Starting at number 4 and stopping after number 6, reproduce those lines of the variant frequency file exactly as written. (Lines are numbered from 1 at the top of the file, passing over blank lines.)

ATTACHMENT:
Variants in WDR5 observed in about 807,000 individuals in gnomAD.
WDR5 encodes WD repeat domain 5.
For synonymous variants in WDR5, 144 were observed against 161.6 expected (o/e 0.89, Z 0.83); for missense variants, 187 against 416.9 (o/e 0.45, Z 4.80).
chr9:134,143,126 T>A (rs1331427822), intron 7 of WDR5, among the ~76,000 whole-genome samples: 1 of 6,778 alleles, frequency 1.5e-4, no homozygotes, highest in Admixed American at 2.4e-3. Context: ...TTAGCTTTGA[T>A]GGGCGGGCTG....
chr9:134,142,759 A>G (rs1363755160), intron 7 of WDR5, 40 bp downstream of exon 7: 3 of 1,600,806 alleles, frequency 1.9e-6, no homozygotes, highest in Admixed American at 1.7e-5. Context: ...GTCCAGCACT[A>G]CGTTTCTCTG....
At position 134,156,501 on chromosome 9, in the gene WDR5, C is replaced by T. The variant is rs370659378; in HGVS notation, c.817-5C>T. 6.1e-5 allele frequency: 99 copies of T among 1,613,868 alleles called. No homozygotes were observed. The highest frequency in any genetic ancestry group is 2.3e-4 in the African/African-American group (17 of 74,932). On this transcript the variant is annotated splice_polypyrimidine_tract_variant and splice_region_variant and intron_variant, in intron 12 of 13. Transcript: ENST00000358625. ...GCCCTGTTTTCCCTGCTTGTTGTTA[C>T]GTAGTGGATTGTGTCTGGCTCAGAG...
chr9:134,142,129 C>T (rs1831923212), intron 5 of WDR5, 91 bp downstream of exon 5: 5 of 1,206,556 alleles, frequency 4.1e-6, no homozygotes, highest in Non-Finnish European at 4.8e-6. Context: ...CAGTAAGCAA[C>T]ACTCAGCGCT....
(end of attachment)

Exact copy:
chr9:134,143,126 T>A (rs1331427822), intron 7 of WDR5, among the ~76,000 whole-genome samples: 1 of 6,778 alleles, frequency 1.5e-4, no homozygotes, highest in Admixed American at 2.4e-3. Context: ...TTAGCTTTGA[T>A]GGGCGGGCTG....
chr9:134,142,759 A>G (rs1363755160), intron 7 of WDR5, 40 bp downstream of exon 7: 3 of 1,600,806 alleles, frequency 1.9e-6, no homozygotes, highest in Admixed American at 1.7e-5. Context: ...GTCCAGCACT[A>G]CGTTTCTCTG....
At position 134,156,501 on chromosome 9, in the gene WDR5, C is replaced by T. The variant is rs370659378; in HGVS notation, c.817-5C>T. 6.1e-5 allele frequency: 99 copies of T among 1,613,868 alleles called. No homozygotes were observed. The highest frequency in any genetic ancestry group is 2.3e-4 in the African/African-American group (17 of 74,932). On this transcript the variant is annotated splice_polypyrimidine_tract_variant and splice_region_variant and intron_variant, in intron 12 of 13. Transcript: ENST00000358625. ...GCCCTGTTTTCCCTGCTTGTTGTTA[C>T]GTAGTGGATTGTGTCTGGCTCAGAG...